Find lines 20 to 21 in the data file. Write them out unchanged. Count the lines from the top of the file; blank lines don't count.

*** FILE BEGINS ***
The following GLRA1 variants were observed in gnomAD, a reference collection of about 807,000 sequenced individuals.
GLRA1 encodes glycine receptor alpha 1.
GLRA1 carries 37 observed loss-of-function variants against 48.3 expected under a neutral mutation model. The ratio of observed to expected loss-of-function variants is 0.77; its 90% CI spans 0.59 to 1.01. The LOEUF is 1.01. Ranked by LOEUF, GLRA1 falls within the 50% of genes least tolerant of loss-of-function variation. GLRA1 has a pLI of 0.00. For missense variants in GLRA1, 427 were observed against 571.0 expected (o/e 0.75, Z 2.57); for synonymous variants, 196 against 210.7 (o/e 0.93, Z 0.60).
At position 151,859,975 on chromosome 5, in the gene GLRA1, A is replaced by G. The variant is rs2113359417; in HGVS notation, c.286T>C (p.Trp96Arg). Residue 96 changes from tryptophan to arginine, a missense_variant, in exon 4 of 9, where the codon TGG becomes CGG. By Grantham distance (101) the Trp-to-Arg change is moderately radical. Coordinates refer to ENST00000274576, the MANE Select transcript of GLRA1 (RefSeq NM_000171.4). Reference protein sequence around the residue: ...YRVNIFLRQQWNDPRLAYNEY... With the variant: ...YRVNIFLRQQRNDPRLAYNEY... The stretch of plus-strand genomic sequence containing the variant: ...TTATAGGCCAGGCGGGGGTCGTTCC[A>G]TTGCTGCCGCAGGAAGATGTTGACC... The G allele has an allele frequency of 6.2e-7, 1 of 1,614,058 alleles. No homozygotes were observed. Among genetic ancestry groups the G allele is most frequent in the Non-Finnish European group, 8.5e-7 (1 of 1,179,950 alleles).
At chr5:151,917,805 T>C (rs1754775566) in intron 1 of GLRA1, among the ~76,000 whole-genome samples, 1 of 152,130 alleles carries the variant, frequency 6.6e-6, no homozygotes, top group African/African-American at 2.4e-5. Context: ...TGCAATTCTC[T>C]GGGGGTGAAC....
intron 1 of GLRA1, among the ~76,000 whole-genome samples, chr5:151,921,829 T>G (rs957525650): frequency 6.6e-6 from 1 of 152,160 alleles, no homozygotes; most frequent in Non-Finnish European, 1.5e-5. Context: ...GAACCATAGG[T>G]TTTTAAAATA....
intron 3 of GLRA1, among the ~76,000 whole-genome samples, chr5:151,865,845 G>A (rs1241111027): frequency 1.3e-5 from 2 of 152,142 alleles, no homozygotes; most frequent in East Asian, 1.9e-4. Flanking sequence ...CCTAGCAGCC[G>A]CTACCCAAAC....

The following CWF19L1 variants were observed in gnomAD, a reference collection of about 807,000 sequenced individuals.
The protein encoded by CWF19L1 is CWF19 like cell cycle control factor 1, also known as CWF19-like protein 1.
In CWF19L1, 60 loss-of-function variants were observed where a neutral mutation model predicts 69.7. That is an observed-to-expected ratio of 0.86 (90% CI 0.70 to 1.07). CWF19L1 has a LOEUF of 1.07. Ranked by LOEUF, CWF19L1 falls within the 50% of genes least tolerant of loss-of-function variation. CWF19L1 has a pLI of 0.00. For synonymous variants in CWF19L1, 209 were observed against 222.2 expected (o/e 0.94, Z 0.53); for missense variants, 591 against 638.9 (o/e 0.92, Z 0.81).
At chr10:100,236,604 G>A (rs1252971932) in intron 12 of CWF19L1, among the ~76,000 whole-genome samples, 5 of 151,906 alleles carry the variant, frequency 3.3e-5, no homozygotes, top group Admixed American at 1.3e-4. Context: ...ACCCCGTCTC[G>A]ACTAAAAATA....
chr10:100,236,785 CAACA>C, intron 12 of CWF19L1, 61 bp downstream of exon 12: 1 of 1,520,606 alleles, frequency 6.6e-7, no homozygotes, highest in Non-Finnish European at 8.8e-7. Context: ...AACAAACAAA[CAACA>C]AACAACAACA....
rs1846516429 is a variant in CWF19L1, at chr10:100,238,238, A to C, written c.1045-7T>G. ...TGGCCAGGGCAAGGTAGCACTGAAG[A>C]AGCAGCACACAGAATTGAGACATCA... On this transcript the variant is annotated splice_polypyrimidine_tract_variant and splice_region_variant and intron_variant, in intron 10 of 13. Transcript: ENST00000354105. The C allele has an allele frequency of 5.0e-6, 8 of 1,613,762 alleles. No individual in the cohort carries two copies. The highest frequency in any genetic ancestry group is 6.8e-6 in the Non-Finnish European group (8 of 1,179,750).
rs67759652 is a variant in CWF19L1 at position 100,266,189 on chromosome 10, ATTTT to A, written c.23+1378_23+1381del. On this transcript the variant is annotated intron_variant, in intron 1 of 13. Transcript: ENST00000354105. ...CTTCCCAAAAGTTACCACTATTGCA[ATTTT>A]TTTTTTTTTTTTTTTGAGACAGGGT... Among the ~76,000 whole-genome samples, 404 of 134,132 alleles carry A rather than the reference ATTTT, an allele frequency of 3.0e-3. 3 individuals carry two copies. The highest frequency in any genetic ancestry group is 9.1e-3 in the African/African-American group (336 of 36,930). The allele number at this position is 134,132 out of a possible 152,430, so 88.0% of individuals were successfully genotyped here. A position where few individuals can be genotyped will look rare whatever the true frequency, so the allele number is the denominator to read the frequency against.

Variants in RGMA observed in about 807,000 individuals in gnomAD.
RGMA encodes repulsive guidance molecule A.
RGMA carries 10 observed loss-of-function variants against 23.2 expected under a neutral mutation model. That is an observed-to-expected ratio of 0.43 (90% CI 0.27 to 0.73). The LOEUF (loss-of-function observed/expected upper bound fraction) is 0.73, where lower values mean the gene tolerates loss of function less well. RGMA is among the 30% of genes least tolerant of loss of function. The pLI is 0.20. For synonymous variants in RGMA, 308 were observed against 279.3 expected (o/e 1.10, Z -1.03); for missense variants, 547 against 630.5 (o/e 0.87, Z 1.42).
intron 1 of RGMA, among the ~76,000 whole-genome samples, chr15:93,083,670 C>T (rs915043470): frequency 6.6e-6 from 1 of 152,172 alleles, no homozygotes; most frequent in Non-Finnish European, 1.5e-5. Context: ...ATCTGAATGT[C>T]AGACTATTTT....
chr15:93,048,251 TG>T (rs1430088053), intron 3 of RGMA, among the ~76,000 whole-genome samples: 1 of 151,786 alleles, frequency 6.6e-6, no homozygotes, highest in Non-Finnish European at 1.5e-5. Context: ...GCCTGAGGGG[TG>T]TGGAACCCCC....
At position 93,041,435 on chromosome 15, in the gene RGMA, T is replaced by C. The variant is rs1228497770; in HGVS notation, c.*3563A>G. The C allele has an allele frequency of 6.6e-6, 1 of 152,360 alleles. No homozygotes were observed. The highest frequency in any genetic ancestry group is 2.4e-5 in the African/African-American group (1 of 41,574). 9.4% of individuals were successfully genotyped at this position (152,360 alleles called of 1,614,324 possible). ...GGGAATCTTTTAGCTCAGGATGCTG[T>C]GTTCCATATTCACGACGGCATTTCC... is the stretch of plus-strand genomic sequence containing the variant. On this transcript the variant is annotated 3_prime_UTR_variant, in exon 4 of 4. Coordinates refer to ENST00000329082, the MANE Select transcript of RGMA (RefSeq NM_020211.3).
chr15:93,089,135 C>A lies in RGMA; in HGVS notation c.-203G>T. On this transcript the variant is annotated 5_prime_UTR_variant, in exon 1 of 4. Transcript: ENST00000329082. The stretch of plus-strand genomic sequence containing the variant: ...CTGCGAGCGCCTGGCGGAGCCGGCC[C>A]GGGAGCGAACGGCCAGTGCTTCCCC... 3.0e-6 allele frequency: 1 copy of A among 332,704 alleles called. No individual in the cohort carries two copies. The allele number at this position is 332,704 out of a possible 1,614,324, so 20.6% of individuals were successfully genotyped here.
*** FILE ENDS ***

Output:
At position 93,041,435 on chromosome 15, in the gene RGMA, T is replaced by C. The variant is rs1228497770; in HGVS notation, c.*3563A>G. The C allele has an allele frequency of 6.6e-6, 1 of 152,360 alleles. No homozygotes were observed. The highest frequency in any genetic ancestry group is 2.4e-5 in the African/African-American group (1 of 41,574). 9.4% of individuals were successfully genotyped at this position (152,360 alleles called of 1,614,324 possible). ...GGGAATCTTTTAGCTCAGGATGCTG[T>C]GTTCCATATTCACGACGGCATTTCC... is the stretch of plus-strand genomic sequence containing the variant. On this transcript the variant is annotated 3_prime_UTR_variant, in exon 4 of 4. Coordinates refer to ENST00000329082, the MANE Select transcript of RGMA (RefSeq NM_020211.3).
chr15:93,089,135 C>A lies in RGMA; in HGVS notation c.-203G>T. On this transcript the variant is annotated 5_prime_UTR_variant, in exon 1 of 4. Transcript: ENST00000329082. The stretch of plus-strand genomic sequence containing the variant: ...CTGCGAGCGCCTGGCGGAGCCGGCC[C>A]GGGAGCGAACGGCCAGTGCTTCCCC... 3.0e-6 allele frequency: 1 copy of A among 332,704 alleles called. No individual in the cohort carries two copies. The allele number at this position is 332,704 out of a possible 1,614,324, so 20.6% of individuals were successfully genotyped here.